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17 Graduate School faculty members awarded over $17 million from CPRIT

February 27, 2020
Tracey Barnett

Seventeen faculty members from The University of Texas MD Anderson Cancer Center UTHealth Graduate School of Biomedical Sciences were awarded funding totaling $17,298,283 from the Cancer Prevention and Research Institute of Texas (CPRIT).

CPRIT awards to Graduate School faculty include:

Melissa B. Aldrich, PhD, was awarded $900,000 for her project, Can microsurgeries cure lymphedema? An objective assessment. Aldrich is affiliated with the GSBS Programs Cancer Biology and Immunology. She is an assistant professor with the Center for Molecular Imaging in the Institute of Molecular Medicine at McGovern Medical School at UTHealth. Aldrich is also a GSBS alumna and graduated with a PhD in Immunology in 2003. Her advisor was Rodney Kellems, PhD.

Laurence E. Court, PhD, was awarded $900,000 for his project, Artificial intelligence for the peer review of radiation therapy treatments. Court is affiliated with the GSBS Program in Medical Physics. He is an associate professor in the Department of Radiation Physics at MD Anderson Cancer Center.

Zhen Fan, MD, was awarded $900,000 for his project, Development of a novel strategy for tumor delivery of MHC-I-compatible peptides for cancer immunotherapy. Fan is affiliated with the GSBS Programs in Immunology and Therapeutics & Pharmacology. He is a professor in the Department of Experimental Therapeutics at MD Anderson.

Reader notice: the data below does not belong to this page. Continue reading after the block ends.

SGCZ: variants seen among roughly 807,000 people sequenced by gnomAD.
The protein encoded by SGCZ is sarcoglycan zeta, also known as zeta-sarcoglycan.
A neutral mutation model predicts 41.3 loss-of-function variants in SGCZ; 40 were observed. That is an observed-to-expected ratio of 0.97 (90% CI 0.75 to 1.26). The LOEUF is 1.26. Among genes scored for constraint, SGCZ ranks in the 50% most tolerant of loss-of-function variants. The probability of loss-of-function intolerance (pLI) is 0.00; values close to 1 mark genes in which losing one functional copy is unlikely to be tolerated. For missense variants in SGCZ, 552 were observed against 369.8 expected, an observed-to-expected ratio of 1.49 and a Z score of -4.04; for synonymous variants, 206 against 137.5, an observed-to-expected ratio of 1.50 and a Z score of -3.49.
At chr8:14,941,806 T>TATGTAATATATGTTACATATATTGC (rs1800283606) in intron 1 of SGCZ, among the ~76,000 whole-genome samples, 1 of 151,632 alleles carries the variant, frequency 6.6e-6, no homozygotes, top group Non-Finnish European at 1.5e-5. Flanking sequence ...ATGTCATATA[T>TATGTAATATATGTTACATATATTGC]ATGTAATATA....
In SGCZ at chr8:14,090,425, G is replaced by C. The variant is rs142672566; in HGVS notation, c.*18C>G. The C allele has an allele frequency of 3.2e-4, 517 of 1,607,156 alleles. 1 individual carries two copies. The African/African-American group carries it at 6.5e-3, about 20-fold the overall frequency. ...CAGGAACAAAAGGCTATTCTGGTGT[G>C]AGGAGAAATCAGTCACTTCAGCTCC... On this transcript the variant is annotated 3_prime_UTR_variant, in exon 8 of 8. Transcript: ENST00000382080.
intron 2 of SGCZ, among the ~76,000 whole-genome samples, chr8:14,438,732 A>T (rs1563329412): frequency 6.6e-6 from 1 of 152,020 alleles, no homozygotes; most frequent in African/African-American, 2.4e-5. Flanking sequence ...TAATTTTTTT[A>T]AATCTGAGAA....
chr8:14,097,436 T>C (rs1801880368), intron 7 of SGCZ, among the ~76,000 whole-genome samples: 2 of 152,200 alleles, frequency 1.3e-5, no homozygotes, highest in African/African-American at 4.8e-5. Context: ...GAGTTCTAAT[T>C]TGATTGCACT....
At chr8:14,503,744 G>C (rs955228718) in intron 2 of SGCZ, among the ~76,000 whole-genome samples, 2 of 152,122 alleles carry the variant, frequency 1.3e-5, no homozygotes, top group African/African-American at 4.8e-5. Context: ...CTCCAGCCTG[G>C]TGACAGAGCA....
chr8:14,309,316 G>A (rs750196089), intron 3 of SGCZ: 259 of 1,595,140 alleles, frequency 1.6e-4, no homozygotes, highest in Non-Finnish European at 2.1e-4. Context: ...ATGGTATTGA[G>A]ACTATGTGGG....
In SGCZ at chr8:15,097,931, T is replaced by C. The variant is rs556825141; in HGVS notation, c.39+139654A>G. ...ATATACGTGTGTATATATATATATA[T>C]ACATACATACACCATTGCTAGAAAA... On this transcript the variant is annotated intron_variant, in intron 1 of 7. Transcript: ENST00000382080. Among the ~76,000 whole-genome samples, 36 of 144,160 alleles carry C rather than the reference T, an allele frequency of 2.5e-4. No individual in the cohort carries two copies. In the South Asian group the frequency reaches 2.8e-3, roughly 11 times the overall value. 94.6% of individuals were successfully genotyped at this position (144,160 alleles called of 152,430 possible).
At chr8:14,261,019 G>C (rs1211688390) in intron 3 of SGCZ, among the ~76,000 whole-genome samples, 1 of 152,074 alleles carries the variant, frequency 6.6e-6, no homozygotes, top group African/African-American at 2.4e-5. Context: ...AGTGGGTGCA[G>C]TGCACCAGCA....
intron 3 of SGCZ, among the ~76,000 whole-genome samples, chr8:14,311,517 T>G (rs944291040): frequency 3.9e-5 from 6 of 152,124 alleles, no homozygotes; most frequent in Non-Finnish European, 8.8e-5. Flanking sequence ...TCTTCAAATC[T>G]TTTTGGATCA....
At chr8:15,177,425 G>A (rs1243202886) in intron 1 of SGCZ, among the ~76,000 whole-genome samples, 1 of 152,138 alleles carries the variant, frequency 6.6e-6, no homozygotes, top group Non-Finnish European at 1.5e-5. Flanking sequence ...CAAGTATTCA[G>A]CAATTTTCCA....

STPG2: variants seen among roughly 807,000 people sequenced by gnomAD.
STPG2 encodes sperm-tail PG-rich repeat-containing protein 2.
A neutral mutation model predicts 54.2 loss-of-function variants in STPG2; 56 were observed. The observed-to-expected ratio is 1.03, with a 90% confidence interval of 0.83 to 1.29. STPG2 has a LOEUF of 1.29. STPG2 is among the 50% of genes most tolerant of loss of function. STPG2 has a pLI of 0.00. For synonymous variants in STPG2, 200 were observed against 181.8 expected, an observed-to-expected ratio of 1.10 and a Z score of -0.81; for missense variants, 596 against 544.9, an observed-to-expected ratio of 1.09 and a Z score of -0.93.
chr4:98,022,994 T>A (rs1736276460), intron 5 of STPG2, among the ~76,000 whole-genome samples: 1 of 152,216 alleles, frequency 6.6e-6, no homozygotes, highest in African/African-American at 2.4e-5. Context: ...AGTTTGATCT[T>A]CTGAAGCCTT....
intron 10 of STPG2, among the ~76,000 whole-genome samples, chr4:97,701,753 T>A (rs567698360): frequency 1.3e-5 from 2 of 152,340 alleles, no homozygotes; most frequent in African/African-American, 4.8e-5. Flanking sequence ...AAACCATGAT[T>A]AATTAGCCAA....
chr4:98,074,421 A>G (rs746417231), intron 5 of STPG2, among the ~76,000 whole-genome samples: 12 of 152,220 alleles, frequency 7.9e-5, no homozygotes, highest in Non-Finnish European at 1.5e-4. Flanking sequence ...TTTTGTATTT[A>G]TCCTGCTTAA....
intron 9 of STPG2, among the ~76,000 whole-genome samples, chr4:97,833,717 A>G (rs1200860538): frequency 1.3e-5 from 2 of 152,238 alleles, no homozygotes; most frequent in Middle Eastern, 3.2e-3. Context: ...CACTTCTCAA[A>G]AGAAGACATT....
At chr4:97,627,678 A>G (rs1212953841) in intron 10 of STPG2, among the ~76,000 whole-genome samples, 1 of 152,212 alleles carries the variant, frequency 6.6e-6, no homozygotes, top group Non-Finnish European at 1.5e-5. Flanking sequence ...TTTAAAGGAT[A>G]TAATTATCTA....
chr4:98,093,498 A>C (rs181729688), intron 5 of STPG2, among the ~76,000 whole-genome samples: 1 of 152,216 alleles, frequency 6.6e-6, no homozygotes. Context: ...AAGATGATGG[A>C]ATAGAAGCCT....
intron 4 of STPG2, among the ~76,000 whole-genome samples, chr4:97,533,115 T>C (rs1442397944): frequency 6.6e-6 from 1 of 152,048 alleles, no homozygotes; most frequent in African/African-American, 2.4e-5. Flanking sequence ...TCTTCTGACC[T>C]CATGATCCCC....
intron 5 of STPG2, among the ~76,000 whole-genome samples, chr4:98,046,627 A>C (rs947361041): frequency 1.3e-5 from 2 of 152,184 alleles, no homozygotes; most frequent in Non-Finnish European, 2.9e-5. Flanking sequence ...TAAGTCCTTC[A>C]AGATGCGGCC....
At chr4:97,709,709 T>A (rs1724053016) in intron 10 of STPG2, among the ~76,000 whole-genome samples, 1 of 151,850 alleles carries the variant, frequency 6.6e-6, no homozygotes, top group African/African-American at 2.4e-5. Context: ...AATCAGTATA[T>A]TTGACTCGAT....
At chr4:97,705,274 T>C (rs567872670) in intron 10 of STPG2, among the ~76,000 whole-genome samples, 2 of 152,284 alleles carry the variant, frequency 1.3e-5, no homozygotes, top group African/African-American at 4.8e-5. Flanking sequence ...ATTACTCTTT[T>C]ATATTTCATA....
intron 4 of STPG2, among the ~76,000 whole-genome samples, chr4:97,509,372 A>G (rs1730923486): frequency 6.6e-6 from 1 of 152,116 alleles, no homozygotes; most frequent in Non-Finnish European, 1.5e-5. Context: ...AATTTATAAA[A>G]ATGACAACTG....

Don L. Gibbons, MD, PhD, was awarded $900,000 for his project, Investigating the role of CD38 as a mechanism of acquired resistance to immune checkpoint inhibitors in lung cancer. Gibbons is affiliated with the GSBS Program in Genetics and Epigenetics. He is an associate professor in the Departments of Thoracic /Head & Neck Medical Oncology and Molecular and Cellular Oncology at MD Anderson.

John F. Hancock, MB, BChir, PhD, was awarded $900,000 for his project, KRAS spatiotemporal dynamics: novel therapeutic targets. Hancock is affiliated with the GSBS Programs in Biochemistry & Cell Biology and Cancer Biology. He is a professor and chair in the Department of Integrative Biology & Pharmacology at McGovern Medical School.

John V. Heymach, MD, PhD, was awarded $900,000 for his project, Molecular features impacting drug resistance in atypical EGFR exon 18 and exon 20 mutant NSCLC and the development of novel mutant- selective inhibitors. Heymach is affiliated with the GSBS Program in Immunology. He is a professor and chair in the Department of Thoracic /Head & Neck Medical Oncology, and a professor in the Department of Cancer Biology at MD Anderson.

Jin Seon Im, MD, PhD, was awarded $900,000 for her project, Off the shelf, cord-derived NK T cells engineered to prevent GVHD and relapse after hematopoietic stem cell transplantation. Im is affiliated with the GSBS Programs in Cancer Biology and Immunology. She an assistant professor in the Department of Stem Cell Transplantation and Cellular Therapy at MD Anderson.

Faye M. Johnson, MD, PhD, was awarded $1,200,000 for her project, Targeting alterations of the NOTCH1 pathway in head and neck squamous cell carcinoma (HNSCC). Johnson is affiliated with the GSBS Program in Therapeutics and Pharmacology. She is an associate professor in the Department of Thoracic /Head & Neck Medical Oncology at MD Anderson. She is also a GSBS alumna and graduated with an MD, PhD in Cancer Biology in 1996. Her advisor was Barry Shur, PhD.